Truman National Security Project

Cybersecurity that protects freedom of speech

computer security

Recently, top lawmakers in Washington, including Sen. Dianne Feinstein, talked publicly about reconsidering cybersecurity legislation — legislation that has failed to become law multiple times. While President Barack Obama’s executive order is making progress in attempts to shore up some cyberweaknesses, difficult questions remain, particularly regarding personal privacy. We do not have to compromise our personal privacy for the sake of security. With a forward-thinking cyber policy, we can keep ourselves safe and sustain our individual freedoms.

Information networks, such as the Internet, provide unprecedented opportunities for individuals all over the world to meet their potential. But that interconnectedness also creates great security vulnerabilities for the United States. Our banks, power companies and telecommunications networks all are networked and have been targeted with malicious intent. The government cannot protect them alone because most of these assets are privately owned. It’s why the director of national intelligence called cybersecurity the greatest threat to America’s security.

For private companies, one way to reduce the threat of cyberattacks is to share information with government agencies. This enables security and law enforcement officials to create a fuller picture of potential threats, reduce the effect of ongoing threats, and possibly prevent some future attacks. Sharing information won’t create a threat-free environment, but it can assist government in helping businesses protect themselves.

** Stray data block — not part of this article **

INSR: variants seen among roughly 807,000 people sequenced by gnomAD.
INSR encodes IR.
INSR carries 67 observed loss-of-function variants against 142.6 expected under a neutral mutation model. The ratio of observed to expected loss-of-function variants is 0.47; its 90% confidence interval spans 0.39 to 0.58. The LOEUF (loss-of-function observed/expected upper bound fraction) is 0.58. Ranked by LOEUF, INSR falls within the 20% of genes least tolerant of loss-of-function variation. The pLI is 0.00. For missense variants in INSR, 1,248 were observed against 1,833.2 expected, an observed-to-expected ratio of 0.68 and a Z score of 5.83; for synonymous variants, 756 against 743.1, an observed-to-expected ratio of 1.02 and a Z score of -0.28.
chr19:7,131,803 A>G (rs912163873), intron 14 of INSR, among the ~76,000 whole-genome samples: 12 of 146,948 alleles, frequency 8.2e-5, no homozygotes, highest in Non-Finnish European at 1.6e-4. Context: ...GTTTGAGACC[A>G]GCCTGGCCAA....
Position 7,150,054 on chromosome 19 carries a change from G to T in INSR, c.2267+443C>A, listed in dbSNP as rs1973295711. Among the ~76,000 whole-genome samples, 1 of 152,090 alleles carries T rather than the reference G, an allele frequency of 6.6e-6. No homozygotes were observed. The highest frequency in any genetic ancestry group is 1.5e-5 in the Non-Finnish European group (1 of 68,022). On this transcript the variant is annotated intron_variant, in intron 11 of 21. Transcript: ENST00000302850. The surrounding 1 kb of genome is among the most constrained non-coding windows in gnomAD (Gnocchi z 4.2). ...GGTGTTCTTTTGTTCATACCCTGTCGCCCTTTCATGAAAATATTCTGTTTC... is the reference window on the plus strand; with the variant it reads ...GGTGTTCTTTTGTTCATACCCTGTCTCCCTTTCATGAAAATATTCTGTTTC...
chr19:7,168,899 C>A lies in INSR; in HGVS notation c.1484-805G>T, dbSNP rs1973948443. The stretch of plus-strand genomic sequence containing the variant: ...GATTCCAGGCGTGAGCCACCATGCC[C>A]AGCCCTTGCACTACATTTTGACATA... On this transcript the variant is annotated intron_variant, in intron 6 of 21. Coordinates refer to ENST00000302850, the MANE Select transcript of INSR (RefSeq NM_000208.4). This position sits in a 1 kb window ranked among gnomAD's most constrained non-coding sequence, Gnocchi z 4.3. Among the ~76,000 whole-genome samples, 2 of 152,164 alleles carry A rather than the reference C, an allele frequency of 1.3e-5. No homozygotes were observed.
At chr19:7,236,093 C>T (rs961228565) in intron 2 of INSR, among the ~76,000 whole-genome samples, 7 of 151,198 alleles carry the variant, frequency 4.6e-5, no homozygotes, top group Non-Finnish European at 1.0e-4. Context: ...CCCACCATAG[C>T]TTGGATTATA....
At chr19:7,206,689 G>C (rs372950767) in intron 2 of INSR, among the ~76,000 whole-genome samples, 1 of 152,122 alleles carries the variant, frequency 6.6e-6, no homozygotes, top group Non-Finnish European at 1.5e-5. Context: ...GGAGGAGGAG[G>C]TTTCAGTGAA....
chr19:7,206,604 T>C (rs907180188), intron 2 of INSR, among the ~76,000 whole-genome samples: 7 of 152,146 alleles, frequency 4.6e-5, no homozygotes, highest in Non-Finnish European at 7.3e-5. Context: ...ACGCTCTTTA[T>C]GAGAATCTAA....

It is important to note, however, that there is a right way to share cyberthreat information — and a wrong way.

The right way is consistent with traditional American values, respects personal privacy and ensures continued freedom of speech. The wrong way is to assume that we must cede all of our personal privacy to remain safe. We can make the Internet more secure without giving up our personally identifiable information.

In fact, our security leaders say they don’t need access to our personal information to protect cyberspace. They just want to know that there are attacks, and the nature of those attacks, so they can help others protect themselves. This can be done by limiting information shared to technical details — such as malicious codes and IP addresses — as opposed to sharing emails and other personal items.

By ensuring information shared with the federal government is anonymous, we can protect ourselves at home and lead by example — consistent with American values — broad.

If we concede that it is necessary to share the content of our communications to secure ourselves, other countries will follow our lead. Freedom of speech will be stifled as personal communications are shared with national governments. Authoritarian countries will cite our policies as they suppress democracy movements grappling to take root.

Some will argue that information should be shared with the government wholesale. But better securing cyberspace does not require knowing what we write in our emails. We can do both. We can anonymize information before it’s shared with the federal government and limit the purposes that information can be used for.

Sharing can easily be incorporated into a company’s network architecture. This will enable us to keep cyberspace as an enabler of innovation and debate, without damaging business’s bottom line. To the contrary, it is in business’s best interests to assure customers that their information is being protected.

As our elected leaders try to pass cybersecurity legislation, they should commit to doing so in a way that maintains freedom of speech. Information that helps protect against ongoing and future cyberattacks can be shared without identifying individual Americans. American security consistent with American values is one idea that Democrats and Republicans can support.

Matt Rhoades is Director of Legislator Affairs at Truman National Security Project. This article originally appeared on the San Jose Mercury News.